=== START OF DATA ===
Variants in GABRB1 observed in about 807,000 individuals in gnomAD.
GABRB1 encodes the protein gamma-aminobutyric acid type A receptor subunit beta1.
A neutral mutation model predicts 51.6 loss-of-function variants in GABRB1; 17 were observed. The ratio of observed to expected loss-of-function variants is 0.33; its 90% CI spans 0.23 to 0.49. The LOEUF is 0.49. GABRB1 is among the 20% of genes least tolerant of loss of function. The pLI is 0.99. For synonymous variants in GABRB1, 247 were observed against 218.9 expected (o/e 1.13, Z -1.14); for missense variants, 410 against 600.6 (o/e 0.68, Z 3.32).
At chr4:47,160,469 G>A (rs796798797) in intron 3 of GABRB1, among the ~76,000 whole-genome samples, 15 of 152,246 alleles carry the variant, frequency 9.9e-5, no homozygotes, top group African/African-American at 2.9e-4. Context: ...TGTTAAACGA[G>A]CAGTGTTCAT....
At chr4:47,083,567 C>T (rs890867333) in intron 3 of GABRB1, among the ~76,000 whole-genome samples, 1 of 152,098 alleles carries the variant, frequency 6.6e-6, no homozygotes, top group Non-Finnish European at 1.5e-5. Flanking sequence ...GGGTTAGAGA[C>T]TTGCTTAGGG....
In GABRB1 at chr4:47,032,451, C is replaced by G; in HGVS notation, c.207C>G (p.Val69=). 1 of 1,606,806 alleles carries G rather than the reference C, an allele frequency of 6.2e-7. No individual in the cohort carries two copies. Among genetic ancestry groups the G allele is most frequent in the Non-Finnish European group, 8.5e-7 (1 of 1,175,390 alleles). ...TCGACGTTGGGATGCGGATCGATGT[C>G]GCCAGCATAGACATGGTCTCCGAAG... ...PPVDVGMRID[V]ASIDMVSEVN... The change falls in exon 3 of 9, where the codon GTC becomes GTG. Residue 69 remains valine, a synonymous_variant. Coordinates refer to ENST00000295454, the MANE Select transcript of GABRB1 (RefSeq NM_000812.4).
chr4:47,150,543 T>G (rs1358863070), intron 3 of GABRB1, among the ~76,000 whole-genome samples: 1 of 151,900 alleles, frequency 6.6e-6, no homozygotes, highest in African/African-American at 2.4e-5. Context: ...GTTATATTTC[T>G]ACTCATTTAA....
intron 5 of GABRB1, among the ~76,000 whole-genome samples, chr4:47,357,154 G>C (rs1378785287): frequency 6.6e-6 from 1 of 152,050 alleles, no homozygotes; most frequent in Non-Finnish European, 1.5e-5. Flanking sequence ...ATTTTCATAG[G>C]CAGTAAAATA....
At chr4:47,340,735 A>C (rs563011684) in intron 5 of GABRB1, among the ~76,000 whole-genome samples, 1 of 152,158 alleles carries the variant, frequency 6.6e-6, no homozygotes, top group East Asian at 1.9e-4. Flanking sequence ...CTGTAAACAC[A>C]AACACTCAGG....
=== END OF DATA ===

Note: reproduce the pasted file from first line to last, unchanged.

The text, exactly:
Variants in GABRB1 observed in about 807,000 individuals in gnomAD.
GABRB1 encodes the protein gamma-aminobutyric acid type A receptor subunit beta1.
A neutral mutation model predicts 51.6 loss-of-function variants in GABRB1; 17 were observed. The ratio of observed to expected loss-of-function variants is 0.33; its 90% CI spans 0.23 to 0.49. The LOEUF is 0.49. GABRB1 is among the 20% of genes least tolerant of loss of function. The pLI is 0.99. For synonymous variants in GABRB1, 247 were observed against 218.9 expected (o/e 1.13, Z -1.14); for missense variants, 410 against 600.6 (o/e 0.68, Z 3.32).
At chr4:47,160,469 G>A (rs796798797) in intron 3 of GABRB1, among the ~76,000 whole-genome samples, 15 of 152,246 alleles carry the variant, frequency 9.9e-5, no homozygotes, top group African/African-American at 2.9e-4. Context: ...TGTTAAACGA[G>A]CAGTGTTCAT....
At chr4:47,083,567 C>T (rs890867333) in intron 3 of GABRB1, among the ~76,000 whole-genome samples, 1 of 152,098 alleles carries the variant, frequency 6.6e-6, no homozygotes, top group Non-Finnish European at 1.5e-5. Flanking sequence ...GGGTTAGAGA[C>T]TTGCTTAGGG....
In GABRB1 at chr4:47,032,451, C is replaced by G; in HGVS notation, c.207C>G (p.Val69=). 1 of 1,606,806 alleles carries G rather than the reference C, an allele frequency of 6.2e-7. No individual in the cohort carries two copies. Among genetic ancestry groups the G allele is most frequent in the Non-Finnish European group, 8.5e-7 (1 of 1,175,390 alleles). ...TCGACGTTGGGATGCGGATCGATGT[C>G]GCCAGCATAGACATGGTCTCCGAAG... ...PPVDVGMRID[V]ASIDMVSEVN... The change falls in exon 3 of 9, where the codon GTC becomes GTG. Residue 69 remains valine, a synonymous_variant. Coordinates refer to ENST00000295454, the MANE Select transcript of GABRB1 (RefSeq NM_000812.4).
chr4:47,150,543 T>G (rs1358863070), intron 3 of GABRB1, among the ~76,000 whole-genome samples: 1 of 151,900 alleles, frequency 6.6e-6, no homozygotes, highest in African/African-American at 2.4e-5. Context: ...GTTATATTTC[T>G]ACTCATTTAA....
intron 5 of GABRB1, among the ~76,000 whole-genome samples, chr4:47,357,154 G>C (rs1378785287): frequency 6.6e-6 from 1 of 152,050 alleles, no homozygotes; most frequent in Non-Finnish European, 1.5e-5. Flanking sequence ...ATTTTCATAG[G>C]CAGTAAAATA....
At chr4:47,340,735 A>C (rs563011684) in intron 5 of GABRB1, among the ~76,000 whole-genome samples, 1 of 152,158 alleles carries the variant, frequency 6.6e-6, no homozygotes, top group East Asian at 1.9e-4. Flanking sequence ...CTGTAAACAC[A>C]AACACTCAGG....